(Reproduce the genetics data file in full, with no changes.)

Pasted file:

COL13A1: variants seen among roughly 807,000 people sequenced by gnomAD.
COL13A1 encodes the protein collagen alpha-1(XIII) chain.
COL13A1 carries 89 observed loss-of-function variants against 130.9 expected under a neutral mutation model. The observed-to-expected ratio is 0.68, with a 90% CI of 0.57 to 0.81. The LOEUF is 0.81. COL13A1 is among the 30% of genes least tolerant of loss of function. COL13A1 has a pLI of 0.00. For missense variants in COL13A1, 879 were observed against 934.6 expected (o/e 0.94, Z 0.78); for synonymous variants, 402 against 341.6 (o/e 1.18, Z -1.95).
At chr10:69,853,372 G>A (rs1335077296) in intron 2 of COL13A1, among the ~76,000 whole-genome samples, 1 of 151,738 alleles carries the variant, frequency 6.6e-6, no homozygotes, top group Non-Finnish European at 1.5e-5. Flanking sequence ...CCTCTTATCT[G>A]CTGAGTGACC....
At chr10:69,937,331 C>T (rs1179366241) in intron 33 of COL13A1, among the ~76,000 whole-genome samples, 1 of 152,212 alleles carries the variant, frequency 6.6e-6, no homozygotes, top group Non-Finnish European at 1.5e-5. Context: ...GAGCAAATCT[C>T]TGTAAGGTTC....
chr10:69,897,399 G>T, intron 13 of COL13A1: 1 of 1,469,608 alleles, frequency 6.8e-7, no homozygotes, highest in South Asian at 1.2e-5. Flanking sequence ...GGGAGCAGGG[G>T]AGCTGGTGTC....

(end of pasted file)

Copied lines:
COL13A1: variants seen among roughly 807,000 people sequenced by gnomAD.
COL13A1 encodes the protein collagen alpha-1(XIII) chain.
COL13A1 carries 89 observed loss-of-function variants against 130.9 expected under a neutral mutation model. The observed-to-expected ratio is 0.68, with a 90% CI of 0.57 to 0.81. The LOEUF is 0.81. COL13A1 is among the 30% of genes least tolerant of loss of function. COL13A1 has a pLI of 0.00. For missense variants in COL13A1, 879 were observed against 934.6 expected (o/e 0.94, Z 0.78); for synonymous variants, 402 against 341.6 (o/e 1.18, Z -1.95).
At chr10:69,853,372 G>A (rs1335077296) in intron 2 of COL13A1, among the ~76,000 whole-genome samples, 1 of 151,738 alleles carries the variant, frequency 6.6e-6, no homozygotes, top group Non-Finnish European at 1.5e-5. Flanking sequence ...CCTCTTATCT[G>A]CTGAGTGACC....
At chr10:69,937,331 C>T (rs1179366241) in intron 33 of COL13A1, among the ~76,000 whole-genome samples, 1 of 152,212 alleles carries the variant, frequency 6.6e-6, no homozygotes, top group Non-Finnish European at 1.5e-5. Context: ...GAGCAAATCT[C>T]TGTAAGGTTC....
chr10:69,897,399 G>T, intron 13 of COL13A1: 1 of 1,469,608 alleles, frequency 6.8e-7, no homozygotes, highest in South Asian at 1.2e-5. Flanking sequence ...GGGAGCAGGG[G>T]AGCTGGTGTC....